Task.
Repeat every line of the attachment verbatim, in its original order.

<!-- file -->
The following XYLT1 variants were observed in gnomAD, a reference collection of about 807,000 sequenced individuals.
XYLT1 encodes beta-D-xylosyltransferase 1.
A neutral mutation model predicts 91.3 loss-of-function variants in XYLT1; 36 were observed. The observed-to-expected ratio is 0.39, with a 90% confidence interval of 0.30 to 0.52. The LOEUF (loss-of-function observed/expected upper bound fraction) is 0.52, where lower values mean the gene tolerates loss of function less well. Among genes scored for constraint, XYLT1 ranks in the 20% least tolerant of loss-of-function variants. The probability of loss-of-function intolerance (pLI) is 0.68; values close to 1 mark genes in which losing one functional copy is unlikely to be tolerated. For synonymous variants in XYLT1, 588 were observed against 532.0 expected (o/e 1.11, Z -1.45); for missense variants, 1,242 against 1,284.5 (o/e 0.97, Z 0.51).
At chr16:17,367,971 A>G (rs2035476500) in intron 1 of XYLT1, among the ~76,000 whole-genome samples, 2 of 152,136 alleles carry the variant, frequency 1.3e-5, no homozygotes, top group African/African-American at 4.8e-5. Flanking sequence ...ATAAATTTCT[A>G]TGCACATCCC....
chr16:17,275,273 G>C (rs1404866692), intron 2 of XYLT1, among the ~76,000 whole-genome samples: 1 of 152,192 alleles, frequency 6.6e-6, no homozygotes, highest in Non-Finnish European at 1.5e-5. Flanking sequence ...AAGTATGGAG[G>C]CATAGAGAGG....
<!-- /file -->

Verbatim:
The following XYLT1 variants were observed in gnomAD, a reference collection of about 807,000 sequenced individuals.
XYLT1 encodes beta-D-xylosyltransferase 1.
A neutral mutation model predicts 91.3 loss-of-function variants in XYLT1; 36 were observed. The observed-to-expected ratio is 0.39, with a 90% confidence interval of 0.30 to 0.52. The LOEUF (loss-of-function observed/expected upper bound fraction) is 0.52, where lower values mean the gene tolerates loss of function less well. Among genes scored for constraint, XYLT1 ranks in the 20% least tolerant of loss-of-function variants. The probability of loss-of-function intolerance (pLI) is 0.68; values close to 1 mark genes in which losing one functional copy is unlikely to be tolerated. For synonymous variants in XYLT1, 588 were observed against 532.0 expected (o/e 1.11, Z -1.45); for missense variants, 1,242 against 1,284.5 (o/e 0.97, Z 0.51).
At chr16:17,367,971 A>G (rs2035476500) in intron 1 of XYLT1, among the ~76,000 whole-genome samples, 2 of 152,136 alleles carry the variant, frequency 1.3e-5, no homozygotes, top group African/African-American at 4.8e-5. Flanking sequence ...ATAAATTTCT[A>G]TGCACATCCC....
chr16:17,275,273 G>C (rs1404866692), intron 2 of XYLT1, among the ~76,000 whole-genome samples: 1 of 152,192 alleles, frequency 6.6e-6, no homozygotes, highest in Non-Finnish European at 1.5e-5. Flanking sequence ...AAGTATGGAG[G>C]CATAGAGAGG....